And lo, in the sunrise, still sat H6seyn upon the ground Weeping : and neighbours came, the tribesmen of Henn-Amid In the vale of green Er-Hass, and they questioned him of his grief ; And he told from first to last how, serpent-like, Dahl had wound His way to the neat, and how Duhl rode like an ape, so bad ! And how Buheyseh did wonders, yet Pearl remained with the thief.

And they jeered him, one and all : ' Poor 116soyn is crazed past hope !

How else had ho wrought himself his ruin, in fortune's spite ? To have simply held the tongue were a task for a boy or girl, And here were Muleykoh again, the eyed like an antelope, The child of his heart by day, the wife of his breast by night r—

And the beaten in speed !' wept H6seyn : ' You never have loved my Pearl.'"

That is a story quite in Mr. Browning's best way. There is nothing ho loves better than to show the thorough disinterested- ness of a passion, even where that disinterestedness does not so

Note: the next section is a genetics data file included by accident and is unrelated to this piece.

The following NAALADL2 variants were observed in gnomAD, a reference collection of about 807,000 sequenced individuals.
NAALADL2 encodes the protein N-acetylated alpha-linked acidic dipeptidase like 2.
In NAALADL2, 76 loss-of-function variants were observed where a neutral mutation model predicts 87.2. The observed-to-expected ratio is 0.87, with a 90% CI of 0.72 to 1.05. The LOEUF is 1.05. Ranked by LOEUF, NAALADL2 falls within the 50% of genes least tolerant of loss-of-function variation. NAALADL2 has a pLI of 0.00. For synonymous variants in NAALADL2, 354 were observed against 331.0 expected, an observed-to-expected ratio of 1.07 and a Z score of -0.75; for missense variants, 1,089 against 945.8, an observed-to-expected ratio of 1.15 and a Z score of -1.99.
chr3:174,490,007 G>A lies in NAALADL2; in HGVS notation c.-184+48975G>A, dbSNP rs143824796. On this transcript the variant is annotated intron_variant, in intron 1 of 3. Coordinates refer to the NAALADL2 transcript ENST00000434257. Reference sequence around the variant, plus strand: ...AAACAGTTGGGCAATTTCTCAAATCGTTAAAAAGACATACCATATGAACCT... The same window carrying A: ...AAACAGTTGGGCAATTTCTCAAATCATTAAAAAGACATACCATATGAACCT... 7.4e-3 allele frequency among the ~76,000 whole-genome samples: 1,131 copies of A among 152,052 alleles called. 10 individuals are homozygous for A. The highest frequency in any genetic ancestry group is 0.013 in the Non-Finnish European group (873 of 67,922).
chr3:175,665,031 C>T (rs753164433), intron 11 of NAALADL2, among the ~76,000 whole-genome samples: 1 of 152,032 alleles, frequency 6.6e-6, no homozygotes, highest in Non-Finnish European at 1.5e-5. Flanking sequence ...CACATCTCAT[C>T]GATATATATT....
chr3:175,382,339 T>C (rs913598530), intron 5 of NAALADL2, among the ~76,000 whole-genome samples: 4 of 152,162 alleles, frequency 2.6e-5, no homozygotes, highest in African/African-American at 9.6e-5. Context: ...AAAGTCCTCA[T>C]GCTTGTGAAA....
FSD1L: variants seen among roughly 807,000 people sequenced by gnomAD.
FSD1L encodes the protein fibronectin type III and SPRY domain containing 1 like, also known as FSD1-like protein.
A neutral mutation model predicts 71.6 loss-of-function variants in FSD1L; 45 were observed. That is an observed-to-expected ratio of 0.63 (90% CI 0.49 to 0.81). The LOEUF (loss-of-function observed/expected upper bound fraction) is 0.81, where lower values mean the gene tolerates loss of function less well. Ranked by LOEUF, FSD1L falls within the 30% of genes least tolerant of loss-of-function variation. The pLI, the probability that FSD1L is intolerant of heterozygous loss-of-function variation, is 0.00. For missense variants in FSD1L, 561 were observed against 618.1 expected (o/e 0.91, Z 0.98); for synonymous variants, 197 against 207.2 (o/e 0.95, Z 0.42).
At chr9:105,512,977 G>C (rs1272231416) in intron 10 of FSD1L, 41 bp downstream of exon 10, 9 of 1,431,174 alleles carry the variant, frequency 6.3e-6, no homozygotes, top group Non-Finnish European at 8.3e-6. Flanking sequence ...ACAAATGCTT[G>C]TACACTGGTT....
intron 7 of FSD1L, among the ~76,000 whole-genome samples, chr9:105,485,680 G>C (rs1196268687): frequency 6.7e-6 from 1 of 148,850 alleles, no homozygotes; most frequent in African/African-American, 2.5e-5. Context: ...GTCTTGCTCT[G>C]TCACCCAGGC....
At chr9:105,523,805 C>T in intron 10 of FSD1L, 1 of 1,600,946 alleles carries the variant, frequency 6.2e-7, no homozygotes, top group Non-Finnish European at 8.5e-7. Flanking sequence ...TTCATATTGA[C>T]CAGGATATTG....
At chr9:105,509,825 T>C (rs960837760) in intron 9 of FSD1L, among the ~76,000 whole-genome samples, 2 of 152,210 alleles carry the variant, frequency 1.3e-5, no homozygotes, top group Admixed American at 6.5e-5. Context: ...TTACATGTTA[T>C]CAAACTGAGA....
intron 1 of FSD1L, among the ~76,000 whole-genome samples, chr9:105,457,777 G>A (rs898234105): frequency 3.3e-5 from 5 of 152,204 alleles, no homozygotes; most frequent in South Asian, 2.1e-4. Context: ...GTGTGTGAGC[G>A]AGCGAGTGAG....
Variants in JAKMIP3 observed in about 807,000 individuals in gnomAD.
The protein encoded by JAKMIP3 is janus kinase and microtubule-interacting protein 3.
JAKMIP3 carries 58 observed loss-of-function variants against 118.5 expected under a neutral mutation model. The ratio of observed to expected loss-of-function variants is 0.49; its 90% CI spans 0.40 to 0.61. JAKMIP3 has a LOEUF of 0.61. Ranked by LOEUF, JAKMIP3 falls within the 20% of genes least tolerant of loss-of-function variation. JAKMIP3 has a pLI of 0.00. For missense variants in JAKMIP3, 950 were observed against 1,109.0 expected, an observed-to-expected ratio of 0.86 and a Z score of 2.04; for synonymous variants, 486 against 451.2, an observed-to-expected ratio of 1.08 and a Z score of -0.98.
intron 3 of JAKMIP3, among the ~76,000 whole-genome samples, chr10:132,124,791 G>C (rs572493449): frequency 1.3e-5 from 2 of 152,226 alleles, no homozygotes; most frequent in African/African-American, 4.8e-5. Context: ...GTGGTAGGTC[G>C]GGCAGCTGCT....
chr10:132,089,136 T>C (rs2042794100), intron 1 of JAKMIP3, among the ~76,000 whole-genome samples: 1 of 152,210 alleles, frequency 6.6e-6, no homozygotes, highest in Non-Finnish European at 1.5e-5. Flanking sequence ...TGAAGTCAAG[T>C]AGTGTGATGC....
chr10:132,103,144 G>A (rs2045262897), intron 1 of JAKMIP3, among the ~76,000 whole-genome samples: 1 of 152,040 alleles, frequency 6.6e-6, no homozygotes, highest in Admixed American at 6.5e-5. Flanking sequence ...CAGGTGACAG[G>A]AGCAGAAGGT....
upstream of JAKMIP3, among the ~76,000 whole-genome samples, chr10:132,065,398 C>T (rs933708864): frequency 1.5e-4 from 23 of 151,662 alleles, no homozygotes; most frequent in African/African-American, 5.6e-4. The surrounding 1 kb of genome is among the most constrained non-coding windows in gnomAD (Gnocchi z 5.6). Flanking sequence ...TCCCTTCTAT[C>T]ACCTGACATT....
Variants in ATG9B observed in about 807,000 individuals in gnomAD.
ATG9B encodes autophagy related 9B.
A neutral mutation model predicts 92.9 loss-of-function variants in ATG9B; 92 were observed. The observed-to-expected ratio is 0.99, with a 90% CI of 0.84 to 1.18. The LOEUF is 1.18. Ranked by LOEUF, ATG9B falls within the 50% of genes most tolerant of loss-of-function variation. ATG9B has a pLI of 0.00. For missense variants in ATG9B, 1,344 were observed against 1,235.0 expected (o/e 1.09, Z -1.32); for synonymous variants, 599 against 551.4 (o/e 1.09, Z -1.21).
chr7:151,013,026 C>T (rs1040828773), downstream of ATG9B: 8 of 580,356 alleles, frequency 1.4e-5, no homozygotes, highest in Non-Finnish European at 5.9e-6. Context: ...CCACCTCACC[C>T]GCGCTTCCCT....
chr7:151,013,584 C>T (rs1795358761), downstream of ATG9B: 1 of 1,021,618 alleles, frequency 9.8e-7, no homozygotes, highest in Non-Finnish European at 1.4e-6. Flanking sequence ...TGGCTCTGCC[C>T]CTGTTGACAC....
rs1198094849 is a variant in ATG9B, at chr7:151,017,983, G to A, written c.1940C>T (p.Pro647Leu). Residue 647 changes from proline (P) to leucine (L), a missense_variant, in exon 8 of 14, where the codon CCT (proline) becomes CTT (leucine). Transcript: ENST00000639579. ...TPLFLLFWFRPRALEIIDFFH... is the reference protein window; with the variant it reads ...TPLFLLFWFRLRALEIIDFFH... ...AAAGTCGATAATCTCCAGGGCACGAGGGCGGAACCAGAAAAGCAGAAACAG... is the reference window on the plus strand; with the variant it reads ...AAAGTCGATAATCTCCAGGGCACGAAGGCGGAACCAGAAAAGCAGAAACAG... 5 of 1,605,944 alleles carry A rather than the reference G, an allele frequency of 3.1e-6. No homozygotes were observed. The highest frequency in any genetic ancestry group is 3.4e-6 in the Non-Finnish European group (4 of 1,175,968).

much move one's admiration as one's smile at the quaint vagaries of human fondness. It was not enough that Mul6ykeh should be able to keep all her competitors at a distance, if properly

ridden ; if she had only once failed to do so, through want of a proper rider, the halo round her fame would be departed, and H6seyn could bear better to lose her, than to see that fanciful halo dispersed. It was the grotesqueness of this dis- interested passion which captivated Mr. Browning. He is never

so much at home as when he is entering into the heart of a man who, from sheer depth of passion, is performing a curious